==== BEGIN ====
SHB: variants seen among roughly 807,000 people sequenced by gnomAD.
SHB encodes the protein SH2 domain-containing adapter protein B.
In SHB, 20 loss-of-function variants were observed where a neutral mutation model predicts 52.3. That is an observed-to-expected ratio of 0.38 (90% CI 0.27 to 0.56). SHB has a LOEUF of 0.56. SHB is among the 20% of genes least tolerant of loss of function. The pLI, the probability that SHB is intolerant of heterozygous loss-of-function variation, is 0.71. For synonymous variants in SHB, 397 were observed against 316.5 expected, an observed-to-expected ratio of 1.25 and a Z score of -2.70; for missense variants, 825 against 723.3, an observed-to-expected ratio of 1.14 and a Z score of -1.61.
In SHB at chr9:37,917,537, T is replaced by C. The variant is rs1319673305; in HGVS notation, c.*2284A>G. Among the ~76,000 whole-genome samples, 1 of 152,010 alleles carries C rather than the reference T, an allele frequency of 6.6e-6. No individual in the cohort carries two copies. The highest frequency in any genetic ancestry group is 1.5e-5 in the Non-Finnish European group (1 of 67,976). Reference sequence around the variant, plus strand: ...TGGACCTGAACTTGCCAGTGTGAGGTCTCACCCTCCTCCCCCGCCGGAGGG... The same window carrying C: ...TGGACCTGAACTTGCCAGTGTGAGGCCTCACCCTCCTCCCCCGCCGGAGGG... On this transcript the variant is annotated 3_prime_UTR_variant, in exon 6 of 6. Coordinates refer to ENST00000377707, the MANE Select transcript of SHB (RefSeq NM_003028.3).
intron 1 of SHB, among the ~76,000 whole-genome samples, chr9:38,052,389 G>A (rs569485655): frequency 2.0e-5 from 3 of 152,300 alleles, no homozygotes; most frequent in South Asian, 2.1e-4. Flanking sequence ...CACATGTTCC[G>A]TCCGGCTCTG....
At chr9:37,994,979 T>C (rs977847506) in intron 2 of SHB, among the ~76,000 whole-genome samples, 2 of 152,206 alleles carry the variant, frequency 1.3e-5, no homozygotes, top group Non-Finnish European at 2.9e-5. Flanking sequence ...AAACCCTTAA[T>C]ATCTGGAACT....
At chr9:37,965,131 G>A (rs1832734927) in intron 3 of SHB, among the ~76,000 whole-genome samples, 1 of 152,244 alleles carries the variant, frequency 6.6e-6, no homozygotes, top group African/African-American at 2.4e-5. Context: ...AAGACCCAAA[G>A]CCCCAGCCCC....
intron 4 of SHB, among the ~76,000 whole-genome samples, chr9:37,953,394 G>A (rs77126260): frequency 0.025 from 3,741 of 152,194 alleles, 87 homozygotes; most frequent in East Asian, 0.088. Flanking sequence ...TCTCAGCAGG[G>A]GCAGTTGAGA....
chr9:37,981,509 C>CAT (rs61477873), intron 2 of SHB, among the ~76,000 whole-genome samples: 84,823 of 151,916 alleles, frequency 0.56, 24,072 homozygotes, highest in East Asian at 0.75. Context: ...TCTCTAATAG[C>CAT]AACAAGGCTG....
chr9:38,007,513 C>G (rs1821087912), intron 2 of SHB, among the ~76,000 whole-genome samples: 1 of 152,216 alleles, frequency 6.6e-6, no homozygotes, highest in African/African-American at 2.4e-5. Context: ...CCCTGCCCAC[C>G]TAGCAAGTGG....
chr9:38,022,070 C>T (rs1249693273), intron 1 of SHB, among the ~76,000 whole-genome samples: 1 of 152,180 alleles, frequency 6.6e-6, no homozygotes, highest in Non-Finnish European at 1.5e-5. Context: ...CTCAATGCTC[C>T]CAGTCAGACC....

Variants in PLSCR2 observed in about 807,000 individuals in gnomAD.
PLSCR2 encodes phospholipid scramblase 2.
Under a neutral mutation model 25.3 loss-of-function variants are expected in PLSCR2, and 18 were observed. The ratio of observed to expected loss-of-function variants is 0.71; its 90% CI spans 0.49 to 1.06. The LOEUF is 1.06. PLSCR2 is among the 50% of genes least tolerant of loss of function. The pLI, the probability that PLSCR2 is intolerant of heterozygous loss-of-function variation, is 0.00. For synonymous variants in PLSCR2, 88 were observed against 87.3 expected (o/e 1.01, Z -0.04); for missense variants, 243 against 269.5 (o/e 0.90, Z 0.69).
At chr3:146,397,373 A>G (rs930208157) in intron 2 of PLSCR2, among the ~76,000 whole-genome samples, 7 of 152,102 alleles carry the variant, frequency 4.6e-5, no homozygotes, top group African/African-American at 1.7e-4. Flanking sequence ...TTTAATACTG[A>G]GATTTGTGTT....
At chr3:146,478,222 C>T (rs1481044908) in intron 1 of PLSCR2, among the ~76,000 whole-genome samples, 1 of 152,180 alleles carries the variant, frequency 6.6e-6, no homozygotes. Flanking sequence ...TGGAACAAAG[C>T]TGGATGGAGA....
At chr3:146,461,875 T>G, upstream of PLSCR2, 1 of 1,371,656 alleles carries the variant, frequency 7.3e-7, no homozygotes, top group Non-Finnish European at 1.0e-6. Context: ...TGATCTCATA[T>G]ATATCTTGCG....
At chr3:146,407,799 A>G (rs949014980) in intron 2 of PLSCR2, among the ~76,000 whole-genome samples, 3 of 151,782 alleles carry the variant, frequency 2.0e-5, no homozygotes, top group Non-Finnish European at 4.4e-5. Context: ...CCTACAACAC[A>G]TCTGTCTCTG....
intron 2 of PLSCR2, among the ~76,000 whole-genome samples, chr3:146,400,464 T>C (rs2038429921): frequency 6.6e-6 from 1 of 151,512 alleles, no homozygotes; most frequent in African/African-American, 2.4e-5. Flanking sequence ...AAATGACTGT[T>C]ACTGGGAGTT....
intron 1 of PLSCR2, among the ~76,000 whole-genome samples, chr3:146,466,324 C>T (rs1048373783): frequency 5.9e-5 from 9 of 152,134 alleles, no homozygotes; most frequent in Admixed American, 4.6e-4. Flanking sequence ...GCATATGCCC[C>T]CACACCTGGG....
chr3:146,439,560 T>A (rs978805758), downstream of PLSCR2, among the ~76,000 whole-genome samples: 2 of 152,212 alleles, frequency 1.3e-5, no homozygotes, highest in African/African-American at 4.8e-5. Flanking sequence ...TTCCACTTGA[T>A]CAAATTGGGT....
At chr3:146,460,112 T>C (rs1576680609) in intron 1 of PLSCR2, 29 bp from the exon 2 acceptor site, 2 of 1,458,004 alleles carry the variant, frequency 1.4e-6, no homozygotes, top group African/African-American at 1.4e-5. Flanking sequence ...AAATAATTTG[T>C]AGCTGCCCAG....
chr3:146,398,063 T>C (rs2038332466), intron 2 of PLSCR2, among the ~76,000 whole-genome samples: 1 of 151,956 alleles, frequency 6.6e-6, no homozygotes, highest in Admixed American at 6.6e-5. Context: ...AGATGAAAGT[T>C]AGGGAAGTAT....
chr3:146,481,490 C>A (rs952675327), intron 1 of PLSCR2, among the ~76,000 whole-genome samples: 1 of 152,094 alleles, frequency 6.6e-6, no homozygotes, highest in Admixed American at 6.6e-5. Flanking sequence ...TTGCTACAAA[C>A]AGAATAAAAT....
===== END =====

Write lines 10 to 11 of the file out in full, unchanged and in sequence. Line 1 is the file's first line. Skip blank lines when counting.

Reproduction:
chr9:38,007,513 C>G (rs1821087912), intron 2 of SHB, among the ~76,000 whole-genome samples: 1 of 152,216 alleles, frequency 6.6e-6, no homozygotes, highest in African/African-American at 2.4e-5. Context: ...CCCTGCCCAC[C>G]TAGCAAGTGG....
chr9:38,022,070 C>T (rs1249693273), intron 1 of SHB, among the ~76,000 whole-genome samples: 1 of 152,180 alleles, frequency 6.6e-6, no homozygotes, highest in Non-Finnish European at 1.5e-5. Context: ...CTCAATGCTC[C>T]CAGTCAGACC....